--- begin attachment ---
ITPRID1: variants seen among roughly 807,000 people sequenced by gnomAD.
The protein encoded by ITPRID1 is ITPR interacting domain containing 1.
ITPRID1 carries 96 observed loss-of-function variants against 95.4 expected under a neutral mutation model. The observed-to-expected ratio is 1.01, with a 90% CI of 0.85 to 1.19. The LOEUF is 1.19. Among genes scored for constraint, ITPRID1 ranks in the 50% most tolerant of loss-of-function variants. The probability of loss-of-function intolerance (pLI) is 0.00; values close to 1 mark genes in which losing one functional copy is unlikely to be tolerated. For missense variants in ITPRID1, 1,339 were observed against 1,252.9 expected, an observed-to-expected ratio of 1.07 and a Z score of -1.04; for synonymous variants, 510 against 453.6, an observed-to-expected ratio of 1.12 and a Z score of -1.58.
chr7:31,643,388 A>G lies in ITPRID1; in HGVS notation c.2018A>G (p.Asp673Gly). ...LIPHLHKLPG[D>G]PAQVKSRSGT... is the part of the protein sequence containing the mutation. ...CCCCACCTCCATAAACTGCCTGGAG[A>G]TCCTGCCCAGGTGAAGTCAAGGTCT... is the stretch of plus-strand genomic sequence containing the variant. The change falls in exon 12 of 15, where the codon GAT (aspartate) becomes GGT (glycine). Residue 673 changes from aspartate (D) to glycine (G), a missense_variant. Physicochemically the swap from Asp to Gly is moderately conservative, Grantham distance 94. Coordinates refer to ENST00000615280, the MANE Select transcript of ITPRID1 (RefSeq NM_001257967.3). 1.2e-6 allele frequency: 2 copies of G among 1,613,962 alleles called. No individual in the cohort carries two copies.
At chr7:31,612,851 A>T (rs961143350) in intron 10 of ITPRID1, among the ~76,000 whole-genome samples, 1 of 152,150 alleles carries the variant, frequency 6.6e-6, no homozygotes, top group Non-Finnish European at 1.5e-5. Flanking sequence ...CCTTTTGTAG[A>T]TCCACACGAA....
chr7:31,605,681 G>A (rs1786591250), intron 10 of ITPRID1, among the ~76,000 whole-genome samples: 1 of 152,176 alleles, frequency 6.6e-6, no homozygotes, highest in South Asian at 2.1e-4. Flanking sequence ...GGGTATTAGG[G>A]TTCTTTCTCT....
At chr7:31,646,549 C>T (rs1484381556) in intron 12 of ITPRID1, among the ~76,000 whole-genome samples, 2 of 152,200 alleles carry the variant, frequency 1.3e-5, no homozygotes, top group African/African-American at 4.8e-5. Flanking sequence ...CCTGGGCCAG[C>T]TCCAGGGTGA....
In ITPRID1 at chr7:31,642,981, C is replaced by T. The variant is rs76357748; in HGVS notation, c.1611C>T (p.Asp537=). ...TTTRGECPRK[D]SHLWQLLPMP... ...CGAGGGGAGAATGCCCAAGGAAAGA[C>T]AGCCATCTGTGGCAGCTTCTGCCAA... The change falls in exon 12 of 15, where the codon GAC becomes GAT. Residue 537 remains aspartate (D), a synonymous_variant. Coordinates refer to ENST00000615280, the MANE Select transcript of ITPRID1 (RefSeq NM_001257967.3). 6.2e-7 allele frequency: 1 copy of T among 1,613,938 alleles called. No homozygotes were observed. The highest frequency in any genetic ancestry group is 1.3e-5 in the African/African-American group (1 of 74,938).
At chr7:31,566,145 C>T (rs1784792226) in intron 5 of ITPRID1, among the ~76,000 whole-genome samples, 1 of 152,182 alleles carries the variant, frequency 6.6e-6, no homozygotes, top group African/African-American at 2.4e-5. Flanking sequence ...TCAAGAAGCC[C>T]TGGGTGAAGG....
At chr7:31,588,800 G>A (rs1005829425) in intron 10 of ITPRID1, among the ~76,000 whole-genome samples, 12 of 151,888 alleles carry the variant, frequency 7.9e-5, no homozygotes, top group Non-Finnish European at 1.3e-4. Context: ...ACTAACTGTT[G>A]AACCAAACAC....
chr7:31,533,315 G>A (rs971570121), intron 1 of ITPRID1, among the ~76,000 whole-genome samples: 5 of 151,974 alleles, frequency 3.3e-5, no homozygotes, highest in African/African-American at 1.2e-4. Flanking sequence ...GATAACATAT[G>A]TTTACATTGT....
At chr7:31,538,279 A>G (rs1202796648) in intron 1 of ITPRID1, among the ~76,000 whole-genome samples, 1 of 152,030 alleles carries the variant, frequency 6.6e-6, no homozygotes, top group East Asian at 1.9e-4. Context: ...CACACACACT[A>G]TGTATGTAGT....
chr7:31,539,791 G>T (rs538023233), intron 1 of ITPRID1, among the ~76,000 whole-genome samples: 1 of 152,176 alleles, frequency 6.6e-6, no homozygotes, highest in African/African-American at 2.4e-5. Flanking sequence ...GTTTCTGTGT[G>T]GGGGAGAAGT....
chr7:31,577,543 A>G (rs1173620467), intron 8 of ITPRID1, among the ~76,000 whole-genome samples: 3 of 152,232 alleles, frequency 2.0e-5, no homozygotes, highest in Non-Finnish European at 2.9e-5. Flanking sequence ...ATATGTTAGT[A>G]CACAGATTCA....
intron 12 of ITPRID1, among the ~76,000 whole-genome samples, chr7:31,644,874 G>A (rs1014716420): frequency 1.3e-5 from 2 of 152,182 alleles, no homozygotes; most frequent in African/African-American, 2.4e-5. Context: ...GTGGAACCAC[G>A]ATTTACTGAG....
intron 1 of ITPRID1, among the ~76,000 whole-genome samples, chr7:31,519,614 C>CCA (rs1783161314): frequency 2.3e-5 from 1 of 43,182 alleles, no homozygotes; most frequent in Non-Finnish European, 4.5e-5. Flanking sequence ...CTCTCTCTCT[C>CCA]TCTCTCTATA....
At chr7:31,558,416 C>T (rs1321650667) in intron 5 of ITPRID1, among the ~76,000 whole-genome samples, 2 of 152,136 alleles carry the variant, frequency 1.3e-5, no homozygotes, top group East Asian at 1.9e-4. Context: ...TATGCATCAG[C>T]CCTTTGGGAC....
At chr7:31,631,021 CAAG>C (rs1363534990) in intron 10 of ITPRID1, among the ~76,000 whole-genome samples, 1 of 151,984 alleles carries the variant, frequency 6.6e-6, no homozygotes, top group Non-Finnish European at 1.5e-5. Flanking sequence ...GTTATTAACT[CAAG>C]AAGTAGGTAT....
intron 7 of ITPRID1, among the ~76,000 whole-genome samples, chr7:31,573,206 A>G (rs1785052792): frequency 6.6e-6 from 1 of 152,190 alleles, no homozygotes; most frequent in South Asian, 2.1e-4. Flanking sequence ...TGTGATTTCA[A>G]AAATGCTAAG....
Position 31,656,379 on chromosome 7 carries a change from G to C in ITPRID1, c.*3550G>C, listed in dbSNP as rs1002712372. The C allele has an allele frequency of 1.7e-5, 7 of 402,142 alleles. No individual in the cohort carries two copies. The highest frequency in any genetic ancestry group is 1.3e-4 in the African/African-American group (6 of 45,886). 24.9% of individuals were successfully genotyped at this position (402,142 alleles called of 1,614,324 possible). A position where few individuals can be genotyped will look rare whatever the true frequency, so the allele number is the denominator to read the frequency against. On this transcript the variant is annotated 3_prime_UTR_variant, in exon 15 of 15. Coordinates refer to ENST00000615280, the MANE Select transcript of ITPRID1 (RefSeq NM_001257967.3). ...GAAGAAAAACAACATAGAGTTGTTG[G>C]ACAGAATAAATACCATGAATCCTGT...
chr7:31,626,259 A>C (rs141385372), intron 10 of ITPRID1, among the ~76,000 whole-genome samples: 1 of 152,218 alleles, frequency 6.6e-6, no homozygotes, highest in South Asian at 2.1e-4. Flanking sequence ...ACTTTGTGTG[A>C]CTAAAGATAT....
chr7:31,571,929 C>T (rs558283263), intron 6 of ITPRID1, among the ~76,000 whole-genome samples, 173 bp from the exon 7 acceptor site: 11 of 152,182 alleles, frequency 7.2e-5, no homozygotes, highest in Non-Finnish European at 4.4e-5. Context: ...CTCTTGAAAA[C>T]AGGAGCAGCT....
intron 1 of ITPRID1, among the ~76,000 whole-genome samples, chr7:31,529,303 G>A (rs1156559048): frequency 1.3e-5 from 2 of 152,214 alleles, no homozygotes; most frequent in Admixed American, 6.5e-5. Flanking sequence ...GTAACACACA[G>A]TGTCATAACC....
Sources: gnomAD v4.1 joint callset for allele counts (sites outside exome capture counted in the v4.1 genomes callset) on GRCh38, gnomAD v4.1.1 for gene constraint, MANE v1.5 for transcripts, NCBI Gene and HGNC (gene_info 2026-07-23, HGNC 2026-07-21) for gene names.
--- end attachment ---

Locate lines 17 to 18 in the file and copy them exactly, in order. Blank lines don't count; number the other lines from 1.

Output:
At chr7:31,558,416 C>T (rs1321650667) in intron 5 of ITPRID1, among the ~76,000 whole-genome samples, 2 of 152,136 alleles carry the variant, frequency 1.3e-5, no homozygotes, top group East Asian at 1.9e-4. Context: ...TATGCATCAG[C>T]CCTTTGGGAC....
At chr7:31,631,021 CAAG>C (rs1363534990) in intron 10 of ITPRID1, among the ~76,000 whole-genome samples, 1 of 151,984 alleles carries the variant, frequency 6.6e-6, no homozygotes, top group Non-Finnish European at 1.5e-5. Flanking sequence ...GTTATTAACT[CAAG>C]AAGTAGGTAT....